Country: Egypt
Currency: Pound (EGP)
Peak Season: December-February
Shoulder Season: May-September
Median Temperature: 22.00 C / 71.6 F
Main Languages: Arabic, English
Primary Modes of Transportation: Metro, bus, micro-bus, tram, taxi, ferry
Recommended Duration of Stay: 3 days
Recommended Pocket Money: $80.00/day
Tourist Passes: n/a
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Cairo just gleams with cosmopolitan culture and modernity—albeit all the chaos. Being the 19th largest city in the world with a proportionally dense population speaks volumes on how much tourists and locals prefer Cairo over other African cities. The city roars with traffic honks, fast footsteps, audacious mongers, and all the trappings of a chaotic yet lovable city which hauls nearly 20 million individuals.

Cairo is situated alongside the Nile River, where many cruise companies offer to take you on breathtaking journey across the longest river in the world. And, within the city grounds, you’ll see five millennia worth of Jewish, Islamic and Coptic Christian architecture that entail how the city earned its ranks as one of the most religiously (and culturally diverse) cities which, like Istanbul, is highly tolerant of its people’s adherence and feasts. The city is often referred to as Maşr by the locals, which also happens to be Arabic for Egypt.

Though Cairo has been influenced by Western ideals, some social and political issues are still border on a grey area. Homosexuals and lesbians, for one, should be discreet about their orientation, more importantly when dealing with locals, since Egypt is, of course, Muslim country. This goes the same for some taboo acts that have already been embraced by Western countries but deemed abhorrent by Middle Eastern countries: religious conversion, political/social commentaries, public displays of affection, and kinky dresses. There’s a fine line between acceptable and dangerous in places like Cairo, so always keep your actions in check.

Packing List

  • Converted currency because a lot of merchants dishonor plastic/foreign currency; smaller denominations and coins is also ideal for small transactions, especially in public transport
  • Light and decent clothing, insulating walking shoes a sizeable backpack for desert excursions; pack lunches and bottled water, as historical sites take some time to explore, and lack many outlets
  • Sunscreen, shades and a cap are very helpful to combat the sun; essential medication and toiletries; diarrhea is apparently common with tourists, so pack OTC antispasmodics and anticholinergics and keep yourself hydrated to alleviate symptoms
  • A decent camera (with zoom lenses, if possible), with plenty of memory and batteries; laptops are advisable, though you should try to keep gadgets at a minimum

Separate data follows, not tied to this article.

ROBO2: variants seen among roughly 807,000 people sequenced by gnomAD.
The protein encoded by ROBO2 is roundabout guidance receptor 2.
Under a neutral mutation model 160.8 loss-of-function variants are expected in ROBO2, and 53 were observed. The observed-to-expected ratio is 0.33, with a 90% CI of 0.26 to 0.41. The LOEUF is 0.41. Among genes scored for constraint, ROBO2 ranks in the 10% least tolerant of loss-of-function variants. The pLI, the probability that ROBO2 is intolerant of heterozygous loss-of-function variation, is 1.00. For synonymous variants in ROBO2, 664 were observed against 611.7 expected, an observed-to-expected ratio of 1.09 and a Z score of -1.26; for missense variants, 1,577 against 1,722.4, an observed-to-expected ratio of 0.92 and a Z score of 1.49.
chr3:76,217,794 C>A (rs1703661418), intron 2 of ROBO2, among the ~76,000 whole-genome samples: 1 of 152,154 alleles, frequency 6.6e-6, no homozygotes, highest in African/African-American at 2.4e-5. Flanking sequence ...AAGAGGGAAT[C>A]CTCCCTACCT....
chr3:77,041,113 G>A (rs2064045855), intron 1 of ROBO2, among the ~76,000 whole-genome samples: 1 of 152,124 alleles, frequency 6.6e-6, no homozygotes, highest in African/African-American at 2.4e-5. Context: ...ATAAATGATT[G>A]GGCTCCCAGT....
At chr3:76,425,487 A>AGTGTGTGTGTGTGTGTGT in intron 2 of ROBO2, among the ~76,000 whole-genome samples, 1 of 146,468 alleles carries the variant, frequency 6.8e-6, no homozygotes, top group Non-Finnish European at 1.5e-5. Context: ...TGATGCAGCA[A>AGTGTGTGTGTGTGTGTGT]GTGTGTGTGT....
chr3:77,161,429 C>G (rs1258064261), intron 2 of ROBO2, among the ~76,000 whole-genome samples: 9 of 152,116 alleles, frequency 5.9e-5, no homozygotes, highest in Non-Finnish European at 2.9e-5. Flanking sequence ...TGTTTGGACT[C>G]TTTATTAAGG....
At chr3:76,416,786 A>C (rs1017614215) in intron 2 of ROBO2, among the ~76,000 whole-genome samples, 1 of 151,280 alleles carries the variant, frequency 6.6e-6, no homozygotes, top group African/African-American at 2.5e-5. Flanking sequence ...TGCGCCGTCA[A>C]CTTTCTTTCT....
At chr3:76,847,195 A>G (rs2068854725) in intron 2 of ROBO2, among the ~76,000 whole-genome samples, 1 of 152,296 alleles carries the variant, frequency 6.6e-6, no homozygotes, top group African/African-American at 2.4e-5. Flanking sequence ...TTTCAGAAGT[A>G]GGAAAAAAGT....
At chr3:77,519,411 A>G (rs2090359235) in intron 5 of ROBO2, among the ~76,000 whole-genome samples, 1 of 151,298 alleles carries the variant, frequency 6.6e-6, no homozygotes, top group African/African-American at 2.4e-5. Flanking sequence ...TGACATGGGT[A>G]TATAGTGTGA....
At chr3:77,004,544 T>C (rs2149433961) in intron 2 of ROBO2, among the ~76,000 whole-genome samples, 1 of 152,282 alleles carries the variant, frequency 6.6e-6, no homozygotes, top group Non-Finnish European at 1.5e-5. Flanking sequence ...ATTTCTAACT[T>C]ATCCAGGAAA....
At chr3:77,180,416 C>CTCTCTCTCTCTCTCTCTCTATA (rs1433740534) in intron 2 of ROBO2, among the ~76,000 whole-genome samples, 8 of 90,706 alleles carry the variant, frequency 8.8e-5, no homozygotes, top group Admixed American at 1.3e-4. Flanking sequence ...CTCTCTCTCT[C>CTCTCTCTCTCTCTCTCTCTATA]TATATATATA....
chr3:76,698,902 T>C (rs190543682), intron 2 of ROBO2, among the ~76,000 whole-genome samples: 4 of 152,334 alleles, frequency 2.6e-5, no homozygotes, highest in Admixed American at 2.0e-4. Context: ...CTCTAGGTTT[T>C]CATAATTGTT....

• Both guide books and a GPS device are advisable, since you’ll be taking on a lot of twists and turns around the city; we adivise to not rent a private car since drivers are haphazard here

Things to Do

  • Visiting the formidable Citadel of Islamic conquistador, Saladin; here also rests the Mosque of Muhammad Ali, whose namesake was considered the galvanizer of modern, diplomatic Egypt
  • Traveling to the pyramids, particularly the Great Pyramid and the Great Sphinx, on the nearby Giza Plateau; the Giza Necropolis also houses temples and pyramids of lesser-known pharaohs
  • Shopping at the city’s largest souk (open-air market), Khan el-Khalili; attractive for its prevailing 14th century architecture, it’s a place to haggle for souvenirs, spices and other antiquities
  • Witnessing two sides of the city at Coptic Cairo and Islamic Cairo; the former (and older) houses the Hanging Church and Coptic Museum, while the latter houses mosques and Al-Azhar University
  • Enjoying the tranquility at Al-Azhar Park, known for its lush Islamic gardens; with an expanse of 30 acres, the park is undergoing continual improvement, including a plaza and museum project


  • Rely on neither tap water nor street food; if you’re confident that your tummy has been inured to the “tastes of the East,” then dig in; if not, consider bottled water and eating in a restaurant
  • Ever cross streets without looking both ways, nor race with the merchandise carts; the city is famous for being cramped up, so always check your belongings and beware of “small children”
  • Appear “too” Western or American—dress more or less like the locals; turmoil has been brewing in Cairo in the past decade, so tourists should avoid political and religious sentiment
  • Go into hot places like the desert and historical sites without being “geared-up”; avoid frolicking from 1-4pm, as it’s Cairo’s “lunch break” and very few establishments are open at that time
  • Adulterate the historical sites; by merely looking at them, one could see that they’re already in a state of deterioration and, given the number of tourists, they’re easily losing luster